Avoid Budget Busters Part 3: Plan on Budgeting Surprises

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Monopoly Doctor's FeeThrift is having a sure hand that controls your spending so your spending doesn’t control you. The goal isn’t to be rich but instead to be thoughtful, industrious, content and thrifty.

To avoid unplanned budget busters, set three rules for your spending: Set a dollar limit, wait at least a week each time you’re unsure of a purchase and be aware of the categories where you are most likely to make impulse purchases.

But raising your awareness on impulse purchases is only part of the battle.

Many budgets are doomed to failure because of the challenge of planning for unplanned spending. Here are some of the items you either did not put in your budget or they shouldn’t be in your spending.

Interest on debt

The average American family carries close to $10,000 in commercial credit. At 18% interest, that’s $1,800 a year or an unnecessary $150 every month per household. If you put that payment into the markets every month over your working years earning an average 10% return, you would retire with an additional $1.5 million.

There’s no reason to buy anything on credit. If you find yourself considering an expensive purchase and then trying to find the payments in your budget, you are planning for failure. The only two loans you should even consider are a home mortgage loan and a student loan for an education or training that increases your earning potential. Money makes money. Credit does the opposite. Debt breeds poverty.

Paying bills late

Debt is terrible. Paying bills late is just bad. By establishing a system for paying your bills on time, you will save every $15 payment from getting a $35 late fee tacked onto it. These foolish expenses add up over time and will quickly undo your efforts at frugality.

Many people believe that paying bills as late as possible gains them a few days of extra interest. In reality, a year’s worth of interest isn’t worth even one late payment. Late payments also hurt your credit score, which ultimately will mean getting charged a higher interest rate. Pay your bill early, and put your efforts to better use.

Organized people are simply disorganized people who have found a system to help them get things done. Don’t think being disorganized is an innate unchangeable quality. It is common to everyone before they take the time and effort to get organized.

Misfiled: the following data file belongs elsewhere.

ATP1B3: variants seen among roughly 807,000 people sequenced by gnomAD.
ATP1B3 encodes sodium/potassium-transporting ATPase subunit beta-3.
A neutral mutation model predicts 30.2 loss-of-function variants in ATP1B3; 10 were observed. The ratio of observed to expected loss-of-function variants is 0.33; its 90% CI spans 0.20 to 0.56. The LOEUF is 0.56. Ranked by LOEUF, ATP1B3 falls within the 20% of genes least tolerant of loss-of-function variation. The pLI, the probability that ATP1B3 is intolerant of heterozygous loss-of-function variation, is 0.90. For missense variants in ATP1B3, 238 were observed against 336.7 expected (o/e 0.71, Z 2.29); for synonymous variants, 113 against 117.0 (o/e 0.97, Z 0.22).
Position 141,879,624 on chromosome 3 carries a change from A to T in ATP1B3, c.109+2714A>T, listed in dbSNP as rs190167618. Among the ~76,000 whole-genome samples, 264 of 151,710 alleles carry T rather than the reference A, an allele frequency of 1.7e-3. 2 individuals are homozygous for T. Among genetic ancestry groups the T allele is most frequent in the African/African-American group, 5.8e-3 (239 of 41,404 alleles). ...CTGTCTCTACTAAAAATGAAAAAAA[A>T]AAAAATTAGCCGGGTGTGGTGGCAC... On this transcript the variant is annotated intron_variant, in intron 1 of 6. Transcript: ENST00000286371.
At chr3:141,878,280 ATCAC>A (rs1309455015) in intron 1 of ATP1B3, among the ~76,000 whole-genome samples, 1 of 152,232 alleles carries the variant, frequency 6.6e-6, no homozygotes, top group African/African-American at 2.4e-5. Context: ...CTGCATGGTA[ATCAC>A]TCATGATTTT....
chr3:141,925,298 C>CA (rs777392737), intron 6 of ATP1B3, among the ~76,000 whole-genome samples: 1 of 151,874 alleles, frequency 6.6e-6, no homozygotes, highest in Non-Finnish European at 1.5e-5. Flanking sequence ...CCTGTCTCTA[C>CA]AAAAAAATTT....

Pay monthly bills at least twice a month in order to be on time. These cannot be postponed. Many people find the assistance of online bill pay systems invaluable. It may also help to have a calendar reminder system or a bill organizer. Others have their credit or debit card charged automatically so they are never late.

Unknown unknowns

None of us can anticipate all our expenses. Every stage of life brings a whole new set. Perhaps extensive study and research could help you prepare. But it is easier simply to budget 10% for unknown unknowns.

The first question I usually get asked regarding this category is “Like what?” The truth is that even after identifying every expense you can think of, there will still be significant new expenses that may push you toward deficit spending. But every surprise expense is an opportunity to anticipate and plan for that expense in the future.

Insurance deductibles

Review the insurance coverage for your car and home. A deductible and perhaps a 20% copay often apply. Out-of-pocket expenses could run several thousand dollars. It is more important to limit the maximum expense than to make sure the deductible is low. Budget for the deductible and copay expenses.

Medical costs

Medical expenses are rarely planned. To prepare your budget, have some insurance in place that will limit your catastrophic loss. Second, set up an emergency fund that will cover your expenses if they reach that limit.

For families who are relatively healthy, we recommend Health Savings Accounts (HSAs). As long you spend the funds you save on qualified medical expenses, all contributions, capital gains and withdrawals remain untaxed. And like any other bank account, HSAs come complete with debit cards and checks.